• The draft instructions for the C-Series Forms provide additional insight into how to calculate the number of full-time employees for purposes of column (b) in Part III of the Form 1094-C. The draft instructions clarify that the determination of full-time employee status is based on rules under Code Section 4980H and related regulations and not on other criteria established by an employer. Note that, currently, the draft instructions state that the monthly measurement period must be used for this purpose, but it appears that this is a mistake and that it should reference both the monthly measurement and look-back measurement methods. The IRS may clarify this in the final instructions.

  • One important non-change in the draft instructions is that the specialized coding for employees subject to the multiemployer plan interim guidance remains in effect for 2016 reporting. The interim guidance provides that an employee is treated as having received an offer of coverage if his or her employer is obligated pursuant to a collective bargaining agreement to contribute to a multiemployer plan on the employee’s behalf, provided that the multiemployer plan coverage is affordable and has minimum value and the plan offers dependent coverage to the eligible employee. The coding for such as employee is 1H (no offer of coverage) for Line 14 and 2E (multiemployer plan interim guidance) for Line 16.

There will undoubtedly be tweaks to the draft instructions to the C-Series forms, but significant changes appear unlikely. Given that only five months remain in 2016, employers should start planning now for 2016 ACA reporting based on the draft instructions and make alterations as necessary when final instructions and other guidance is released.

See the original article Here.


Myers, D. A. (2016 August 4). 2016 draft forms & instructions released: affordable care act reporting update. [Web blog post]. Retrieved from address

Impact of Telemedicine on HSA Eligibility

One of the hottest benefit trends in 2016 is the adoption of free or low cost “telemedicine” programs to provide employees easy and affordable access to medical care. However, employers adopting these programs alongside high deductible health plans (HDHPs) need to be sure that they do not inadvertently disqualify the covered employees from eligibility for a health savings account (HSA).

The term “telemedicine” generally refers to healthrelated services delivered over the telephone or internet to employees and covers services ranging from non-specific wellness information about health conditions to primary care diagnosis and advice with prescription drug services. The employee’s cost for such services also varies and may consist of a charge on a “per-use” basis, or a monthly or annual fee for access. In many cases, employers are subsidizing the cost of the services or offering the services free of charge to encourage usage, which could create issues for employees with HSA coverage.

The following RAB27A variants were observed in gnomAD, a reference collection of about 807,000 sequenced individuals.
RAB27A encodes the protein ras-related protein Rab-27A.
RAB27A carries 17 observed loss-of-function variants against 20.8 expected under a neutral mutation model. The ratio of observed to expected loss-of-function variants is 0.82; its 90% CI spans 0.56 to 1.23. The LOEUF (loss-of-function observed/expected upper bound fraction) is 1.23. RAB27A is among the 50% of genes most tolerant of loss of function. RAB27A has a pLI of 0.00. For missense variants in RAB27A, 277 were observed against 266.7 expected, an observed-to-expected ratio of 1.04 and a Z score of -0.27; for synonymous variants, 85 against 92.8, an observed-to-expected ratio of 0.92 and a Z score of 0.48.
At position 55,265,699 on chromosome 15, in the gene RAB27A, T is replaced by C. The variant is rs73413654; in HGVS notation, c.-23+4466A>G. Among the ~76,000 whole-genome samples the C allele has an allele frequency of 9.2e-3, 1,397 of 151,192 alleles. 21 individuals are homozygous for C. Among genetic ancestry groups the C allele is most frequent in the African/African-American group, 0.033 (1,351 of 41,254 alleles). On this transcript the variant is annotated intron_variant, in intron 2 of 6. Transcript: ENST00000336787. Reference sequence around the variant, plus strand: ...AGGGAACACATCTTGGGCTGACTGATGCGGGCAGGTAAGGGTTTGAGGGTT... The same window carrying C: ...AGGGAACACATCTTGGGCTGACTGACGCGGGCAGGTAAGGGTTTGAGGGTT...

An HSA allows participants to defer compensation on a pre-tax basis for the purpose of paying eligible medical expenses if the participant is covered under an HDHP. In addition, the HSA participant must not be covered under any “disqualifying coverage.” Disqualifying coverage includes any health coverage that provides a benefit before the HDHP deductible is met and is often referred to as “first dollar coverage.” The IRS rules allow an exception from the first dollar coverage prohibition for certain types of coverage, including “permitted insurance” (for example, workers’ compensation, specified disease or illness insurance, per diem hospital benefits), “excepted benefits” (such as stand-alone dental or vision benefits), preventative care services, certain employee assistance programs (EAPs), and discount card programs allowing employees to receive discounted health services at managed care rates if the employee must pay for the balance until the HDHP deductible is met. Telemedicine programs that fall under one of the above categories will not prevent an individual from contributing to an HSA.

However, many telemedicine programs go beyond providing preventative care or EAP benefits and do not fall within the permitted insurance or excepted benefits categories. Thus, a telemedicine benefit could count as disqualifying coverage, for example, if the employer pays a portion of the cost of a telemedicine consultation, or the participant pays less than fair market value for access to the consultation, before meeting the HDHP deductible. Any telemedicine program providing primary care or prescription drug services in particular would likely trigger IRS scrutiny unless the employer can establish that the cost passed on to participants is the fair market value for the services. Although the IRS has not yet weighed in on the impact of telemedicine programs on HSA benefits, employers that sponsor HDHPs and telemedicine programs should consider the risks of potential HSA disqualification with legal counsel to ensure employees are not subjected to unintended income and excise taxes for participating in disqualifying coverage.

Content included in the Summer 2016 Benefits and Employment Briefing provided by our partner, United Benefit Advisors